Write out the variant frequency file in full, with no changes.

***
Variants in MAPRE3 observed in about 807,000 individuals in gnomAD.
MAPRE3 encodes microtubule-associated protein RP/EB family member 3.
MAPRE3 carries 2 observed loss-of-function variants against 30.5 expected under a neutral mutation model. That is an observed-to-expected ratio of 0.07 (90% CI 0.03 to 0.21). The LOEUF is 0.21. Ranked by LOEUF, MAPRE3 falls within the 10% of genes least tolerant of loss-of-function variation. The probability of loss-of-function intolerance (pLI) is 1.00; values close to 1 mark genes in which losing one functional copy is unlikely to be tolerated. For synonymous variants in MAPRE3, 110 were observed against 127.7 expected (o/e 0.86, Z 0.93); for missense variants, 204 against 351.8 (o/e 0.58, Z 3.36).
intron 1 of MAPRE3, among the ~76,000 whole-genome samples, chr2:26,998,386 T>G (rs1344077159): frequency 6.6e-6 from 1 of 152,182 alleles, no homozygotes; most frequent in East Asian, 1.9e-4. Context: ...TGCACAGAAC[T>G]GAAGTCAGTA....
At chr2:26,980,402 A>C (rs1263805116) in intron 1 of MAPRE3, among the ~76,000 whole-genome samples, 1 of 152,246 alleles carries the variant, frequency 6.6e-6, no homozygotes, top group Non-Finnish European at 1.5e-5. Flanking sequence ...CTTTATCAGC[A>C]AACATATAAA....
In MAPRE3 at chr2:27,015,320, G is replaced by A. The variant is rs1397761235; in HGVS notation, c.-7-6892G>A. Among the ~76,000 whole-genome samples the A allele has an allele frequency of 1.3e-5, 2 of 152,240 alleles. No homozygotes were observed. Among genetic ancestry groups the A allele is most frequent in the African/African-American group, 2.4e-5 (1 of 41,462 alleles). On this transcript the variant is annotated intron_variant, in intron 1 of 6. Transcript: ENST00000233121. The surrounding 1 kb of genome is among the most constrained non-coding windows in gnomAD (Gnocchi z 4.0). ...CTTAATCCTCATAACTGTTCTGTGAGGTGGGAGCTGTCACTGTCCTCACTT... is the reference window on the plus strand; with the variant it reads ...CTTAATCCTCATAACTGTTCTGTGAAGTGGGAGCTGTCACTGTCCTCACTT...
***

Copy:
Variants in MAPRE3 observed in about 807,000 individuals in gnomAD.
MAPRE3 encodes microtubule-associated protein RP/EB family member 3.
MAPRE3 carries 2 observed loss-of-function variants against 30.5 expected under a neutral mutation model. That is an observed-to-expected ratio of 0.07 (90% CI 0.03 to 0.21). The LOEUF is 0.21. Ranked by LOEUF, MAPRE3 falls within the 10% of genes least tolerant of loss-of-function variation. The probability of loss-of-function intolerance (pLI) is 1.00; values close to 1 mark genes in which losing one functional copy is unlikely to be tolerated. For synonymous variants in MAPRE3, 110 were observed against 127.7 expected (o/e 0.86, Z 0.93); for missense variants, 204 against 351.8 (o/e 0.58, Z 3.36).
intron 1 of MAPRE3, among the ~76,000 whole-genome samples, chr2:26,998,386 T>G (rs1344077159): frequency 6.6e-6 from 1 of 152,182 alleles, no homozygotes; most frequent in East Asian, 1.9e-4. Context: ...TGCACAGAAC[T>G]GAAGTCAGTA....
At chr2:26,980,402 A>C (rs1263805116) in intron 1 of MAPRE3, among the ~76,000 whole-genome samples, 1 of 152,246 alleles carries the variant, frequency 6.6e-6, no homozygotes, top group Non-Finnish European at 1.5e-5. Flanking sequence ...CTTTATCAGC[A>C]AACATATAAA....
In MAPRE3 at chr2:27,015,320, G is replaced by A. The variant is rs1397761235; in HGVS notation, c.-7-6892G>A. Among the ~76,000 whole-genome samples the A allele has an allele frequency of 1.3e-5, 2 of 152,240 alleles. No homozygotes were observed. Among genetic ancestry groups the A allele is most frequent in the African/African-American group, 2.4e-5 (1 of 41,462 alleles). On this transcript the variant is annotated intron_variant, in intron 1 of 6. Transcript: ENST00000233121. The surrounding 1 kb of genome is among the most constrained non-coding windows in gnomAD (Gnocchi z 4.0). ...CTTAATCCTCATAACTGTTCTGTGAGGTGGGAGCTGTCACTGTCCTCACTT... is the reference window on the plus strand; with the variant it reads ...CTTAATCCTCATAACTGTTCTGTGAAGTGGGAGCTGTCACTGTCCTCACTT...